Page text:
AB - Ketamine may affect the host immunity. Interleukin-1β (IL-1β), IL-6, and tumor necrosis factor-α (TNF-α) are pivotal cytokines produced by macrophages. This study aimed to evaluate the effects of ketamine on the regulation of inflammatory cytokine gene expression, especially IL-1β, in lipopolysaccharide (LPS)-activated murine macrophage-like Raw 264.7 cells and its possible signal-transducing mechanisms. Administration of Raw 264.7 cells with a therapeutic concentration of ketamine (100 μM), LPS, or a combination of ketamine and LPS for 1, 6, and 24 h was not cytotoxic to macrophages. Exposure to 100 μM ketamine decreased the binding affinity of LPS and LPS-binding protein but did not affect LPS-induced RNA and protein synthesis of TLR4. Treatment with LPS significantly increased IL-1β, IL-6, and TNF-α gene expressions in Raw 264.7 cells. Ketamine at a clinically relevant concentration did not affect the synthesis of these inflammatory cytokines, but significantly decreased LPS-caused increases in these cytokines. Immunoblot analyses, an electrophoretic mobility shift assay, and a reporter luciferase activity assay revealed that ketamine significantly decreased LPS-induced translocation and DNA binding activity of nuclear factor-kappa B (NFκB). Administration of LPS sequentially increased the phosphorylations of Ras, Raf, MEK1/2, ERK1/2, and IKK. However, a therapeutic concentration of ketamine alleviated such augmentations. Application of toll-like receptor 4 (TLR4) small interfering (si)RNA reduced cellular TLR4 amounts and ameliorated LPS-induced RAS activation and IL-1β synthesis. Co-treatment with ketamine and TLR4 siRNA synergistically ameliorated LPS-caused enhancement of IL-1β production. Results of this study show that a therapeutic concentration of ketamine can inhibit gene expression of IL-1β possibly through suppressing TLR4-mediated signal-transducing phosphorylations of Ras, Raf, MEK1/2, ERK1/2, and IKK and subsequent translocation and transactivation of NFκB.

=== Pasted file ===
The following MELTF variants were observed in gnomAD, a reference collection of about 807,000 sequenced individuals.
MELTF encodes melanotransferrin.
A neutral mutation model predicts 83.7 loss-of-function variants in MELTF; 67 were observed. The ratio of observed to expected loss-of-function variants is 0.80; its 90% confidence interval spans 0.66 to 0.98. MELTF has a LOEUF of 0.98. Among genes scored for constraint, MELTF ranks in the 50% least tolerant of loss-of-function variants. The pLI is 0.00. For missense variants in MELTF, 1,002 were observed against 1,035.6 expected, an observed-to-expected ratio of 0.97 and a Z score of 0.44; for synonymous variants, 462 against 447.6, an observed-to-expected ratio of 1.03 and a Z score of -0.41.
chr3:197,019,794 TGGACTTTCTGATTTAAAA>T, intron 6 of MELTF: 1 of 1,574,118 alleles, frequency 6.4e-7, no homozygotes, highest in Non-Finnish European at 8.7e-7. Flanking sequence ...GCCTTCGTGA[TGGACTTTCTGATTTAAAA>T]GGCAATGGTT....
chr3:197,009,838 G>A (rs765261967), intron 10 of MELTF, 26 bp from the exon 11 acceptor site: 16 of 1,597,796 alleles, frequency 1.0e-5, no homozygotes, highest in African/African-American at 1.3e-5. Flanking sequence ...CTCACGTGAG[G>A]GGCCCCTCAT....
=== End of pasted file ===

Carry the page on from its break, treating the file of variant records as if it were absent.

KW - IL-1β

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KW - Macrophages

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KW - Toll-like receptor 4